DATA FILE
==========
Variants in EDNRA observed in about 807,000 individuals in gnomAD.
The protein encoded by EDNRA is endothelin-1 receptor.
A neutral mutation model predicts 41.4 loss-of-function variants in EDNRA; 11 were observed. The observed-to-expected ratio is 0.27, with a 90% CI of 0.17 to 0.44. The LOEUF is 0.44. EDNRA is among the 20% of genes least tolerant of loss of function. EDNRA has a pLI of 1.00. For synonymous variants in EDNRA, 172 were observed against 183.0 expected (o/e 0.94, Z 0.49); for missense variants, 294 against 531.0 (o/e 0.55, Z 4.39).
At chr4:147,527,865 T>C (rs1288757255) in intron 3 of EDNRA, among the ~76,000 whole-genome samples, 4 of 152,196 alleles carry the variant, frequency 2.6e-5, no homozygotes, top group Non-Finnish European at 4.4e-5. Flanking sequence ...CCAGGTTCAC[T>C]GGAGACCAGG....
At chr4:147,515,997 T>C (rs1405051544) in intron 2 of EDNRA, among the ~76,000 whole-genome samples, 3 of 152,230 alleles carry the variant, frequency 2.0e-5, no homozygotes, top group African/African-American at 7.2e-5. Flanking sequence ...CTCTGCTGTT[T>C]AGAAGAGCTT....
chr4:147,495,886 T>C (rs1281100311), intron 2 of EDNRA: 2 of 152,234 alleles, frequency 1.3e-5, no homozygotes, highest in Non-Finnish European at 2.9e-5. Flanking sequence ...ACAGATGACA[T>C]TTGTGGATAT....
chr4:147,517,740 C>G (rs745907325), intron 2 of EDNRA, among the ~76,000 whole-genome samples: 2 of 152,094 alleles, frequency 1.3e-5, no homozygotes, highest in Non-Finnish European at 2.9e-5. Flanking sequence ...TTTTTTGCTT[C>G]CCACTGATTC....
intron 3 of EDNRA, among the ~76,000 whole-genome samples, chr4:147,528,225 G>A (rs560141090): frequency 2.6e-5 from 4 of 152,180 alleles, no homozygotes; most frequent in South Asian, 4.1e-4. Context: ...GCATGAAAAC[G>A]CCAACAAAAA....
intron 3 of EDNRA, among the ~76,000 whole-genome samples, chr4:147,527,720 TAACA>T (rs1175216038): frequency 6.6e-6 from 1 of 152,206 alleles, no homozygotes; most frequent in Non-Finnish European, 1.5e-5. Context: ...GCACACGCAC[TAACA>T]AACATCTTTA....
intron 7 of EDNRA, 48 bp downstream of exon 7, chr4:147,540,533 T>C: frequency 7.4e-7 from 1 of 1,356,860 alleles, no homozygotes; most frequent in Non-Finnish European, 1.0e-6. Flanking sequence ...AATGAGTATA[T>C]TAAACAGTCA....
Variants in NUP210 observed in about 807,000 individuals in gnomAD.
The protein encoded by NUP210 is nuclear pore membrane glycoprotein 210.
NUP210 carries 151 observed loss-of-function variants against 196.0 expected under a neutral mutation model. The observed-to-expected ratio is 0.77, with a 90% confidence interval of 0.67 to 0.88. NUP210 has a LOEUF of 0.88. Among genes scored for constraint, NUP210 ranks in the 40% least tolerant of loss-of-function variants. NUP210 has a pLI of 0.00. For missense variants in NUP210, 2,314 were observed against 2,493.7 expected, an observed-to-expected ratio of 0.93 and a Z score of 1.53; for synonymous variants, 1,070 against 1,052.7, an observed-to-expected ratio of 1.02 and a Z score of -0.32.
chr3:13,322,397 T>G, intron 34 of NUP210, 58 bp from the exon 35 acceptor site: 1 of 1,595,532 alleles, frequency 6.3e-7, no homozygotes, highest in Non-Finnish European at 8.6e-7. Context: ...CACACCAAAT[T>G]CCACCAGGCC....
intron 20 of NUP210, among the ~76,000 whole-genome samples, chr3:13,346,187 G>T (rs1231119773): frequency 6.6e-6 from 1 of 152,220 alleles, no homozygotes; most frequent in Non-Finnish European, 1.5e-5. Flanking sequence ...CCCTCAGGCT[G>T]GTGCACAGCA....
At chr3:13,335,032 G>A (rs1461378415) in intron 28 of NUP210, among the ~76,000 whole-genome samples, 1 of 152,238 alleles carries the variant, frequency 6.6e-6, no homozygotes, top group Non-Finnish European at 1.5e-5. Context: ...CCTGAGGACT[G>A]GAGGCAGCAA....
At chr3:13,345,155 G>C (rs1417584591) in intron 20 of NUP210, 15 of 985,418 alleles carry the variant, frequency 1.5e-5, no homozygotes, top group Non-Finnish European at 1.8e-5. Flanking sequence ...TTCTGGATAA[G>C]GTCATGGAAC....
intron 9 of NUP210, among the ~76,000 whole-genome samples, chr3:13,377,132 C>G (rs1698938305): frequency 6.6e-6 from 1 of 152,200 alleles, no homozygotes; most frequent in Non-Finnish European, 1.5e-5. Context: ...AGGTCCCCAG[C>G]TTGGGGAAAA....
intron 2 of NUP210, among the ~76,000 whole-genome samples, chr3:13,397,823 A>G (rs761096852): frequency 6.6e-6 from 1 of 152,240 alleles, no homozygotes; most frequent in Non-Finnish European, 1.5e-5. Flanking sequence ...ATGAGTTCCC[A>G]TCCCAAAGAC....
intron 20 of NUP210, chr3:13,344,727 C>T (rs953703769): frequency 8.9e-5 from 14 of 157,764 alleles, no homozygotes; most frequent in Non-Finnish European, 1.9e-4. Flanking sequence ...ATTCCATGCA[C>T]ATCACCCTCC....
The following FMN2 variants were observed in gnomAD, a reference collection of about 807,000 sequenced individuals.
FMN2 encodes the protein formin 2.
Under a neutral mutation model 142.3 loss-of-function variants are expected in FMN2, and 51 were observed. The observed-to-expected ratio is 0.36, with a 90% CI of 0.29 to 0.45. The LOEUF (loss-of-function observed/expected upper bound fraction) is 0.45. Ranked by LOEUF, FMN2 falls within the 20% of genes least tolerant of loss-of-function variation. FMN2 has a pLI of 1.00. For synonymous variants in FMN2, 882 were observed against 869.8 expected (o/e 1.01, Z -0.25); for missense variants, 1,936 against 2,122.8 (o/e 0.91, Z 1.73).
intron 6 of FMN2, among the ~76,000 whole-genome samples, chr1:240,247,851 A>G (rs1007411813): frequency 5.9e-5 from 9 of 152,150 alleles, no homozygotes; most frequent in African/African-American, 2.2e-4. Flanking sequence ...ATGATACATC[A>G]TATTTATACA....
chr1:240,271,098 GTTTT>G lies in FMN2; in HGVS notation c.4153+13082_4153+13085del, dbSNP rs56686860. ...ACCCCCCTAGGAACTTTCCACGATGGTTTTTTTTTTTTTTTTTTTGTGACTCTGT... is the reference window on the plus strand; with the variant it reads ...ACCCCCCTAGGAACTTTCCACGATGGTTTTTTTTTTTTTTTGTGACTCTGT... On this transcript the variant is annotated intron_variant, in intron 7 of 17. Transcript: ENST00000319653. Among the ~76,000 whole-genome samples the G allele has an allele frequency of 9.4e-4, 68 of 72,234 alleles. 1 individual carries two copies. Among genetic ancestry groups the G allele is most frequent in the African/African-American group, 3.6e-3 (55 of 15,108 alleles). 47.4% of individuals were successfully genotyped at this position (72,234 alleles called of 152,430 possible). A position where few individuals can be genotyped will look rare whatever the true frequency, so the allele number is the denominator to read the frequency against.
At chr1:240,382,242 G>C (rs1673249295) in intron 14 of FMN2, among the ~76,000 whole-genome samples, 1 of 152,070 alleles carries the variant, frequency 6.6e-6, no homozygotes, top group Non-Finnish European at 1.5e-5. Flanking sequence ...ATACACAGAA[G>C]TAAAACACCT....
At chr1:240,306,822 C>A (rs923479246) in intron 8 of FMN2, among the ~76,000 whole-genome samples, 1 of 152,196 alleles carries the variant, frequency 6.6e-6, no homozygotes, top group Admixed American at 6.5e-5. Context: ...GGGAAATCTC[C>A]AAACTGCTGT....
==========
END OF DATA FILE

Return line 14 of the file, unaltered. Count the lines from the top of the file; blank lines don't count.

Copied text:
chr3:13,322,397 T>G, intron 34 of NUP210, 58 bp from the exon 35 acceptor site: 1 of 1,595,532 alleles, frequency 6.3e-7, no homozygotes, highest in Non-Finnish European at 8.6e-7. Context: ...CACACCAAAT[T>G]CCACCAGGCC....